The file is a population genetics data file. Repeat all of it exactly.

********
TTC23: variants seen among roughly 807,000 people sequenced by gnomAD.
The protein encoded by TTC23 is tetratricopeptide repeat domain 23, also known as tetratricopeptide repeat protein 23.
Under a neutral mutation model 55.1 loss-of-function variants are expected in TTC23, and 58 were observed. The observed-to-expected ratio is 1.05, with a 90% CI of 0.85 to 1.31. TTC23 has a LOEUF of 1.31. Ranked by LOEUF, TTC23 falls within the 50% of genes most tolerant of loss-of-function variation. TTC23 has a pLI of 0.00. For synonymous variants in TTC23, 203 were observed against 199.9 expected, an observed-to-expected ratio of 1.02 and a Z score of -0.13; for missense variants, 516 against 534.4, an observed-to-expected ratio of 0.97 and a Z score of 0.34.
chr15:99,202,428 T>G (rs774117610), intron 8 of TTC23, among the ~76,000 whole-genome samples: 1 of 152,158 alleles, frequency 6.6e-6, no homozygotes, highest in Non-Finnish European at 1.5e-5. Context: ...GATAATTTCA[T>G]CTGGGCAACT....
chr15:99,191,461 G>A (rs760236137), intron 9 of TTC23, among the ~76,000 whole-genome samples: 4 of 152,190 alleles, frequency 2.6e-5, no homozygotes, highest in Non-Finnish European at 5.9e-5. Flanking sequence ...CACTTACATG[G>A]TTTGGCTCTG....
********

TTC23: variants seen among roughly 807,000 people sequenced by gnomAD.
The protein encoded by TTC23 is tetratricopeptide repeat domain 23, also known as tetratricopeptide repeat protein 23.
Under a neutral mutation model 55.1 loss-of-function variants are expected in TTC23, and 58 were observed. The observed-to-expected ratio is 1.05, with a 90% CI of 0.85 to 1.31. TTC23 has a LOEUF of 1.31. Ranked by LOEUF, TTC23 falls within the 50% of genes most tolerant of loss-of-function variation. TTC23 has a pLI of 0.00. For synonymous variants in TTC23, 203 were observed against 199.9 expected, an observed-to-expected ratio of 1.02 and a Z score of -0.13; for missense variants, 516 against 534.4, an observed-to-expected ratio of 0.97 and a Z score of 0.34.
chr15:99,202,428 T>G (rs774117610), intron 8 of TTC23, among the ~76,000 whole-genome samples: 1 of 152,158 alleles, frequency 6.6e-6, no homozygotes, highest in Non-Finnish European at 1.5e-5. Context: ...GATAATTTCA[T>G]CTGGGCAACT....
chr15:99,191,461 G>A (rs760236137), intron 9 of TTC23, among the ~76,000 whole-genome samples: 4 of 152,190 alleles, frequency 2.6e-5, no homozygotes, highest in Non-Finnish European at 5.9e-5. Flanking sequence ...CACTTACATG[G>A]TTTGGCTCTG....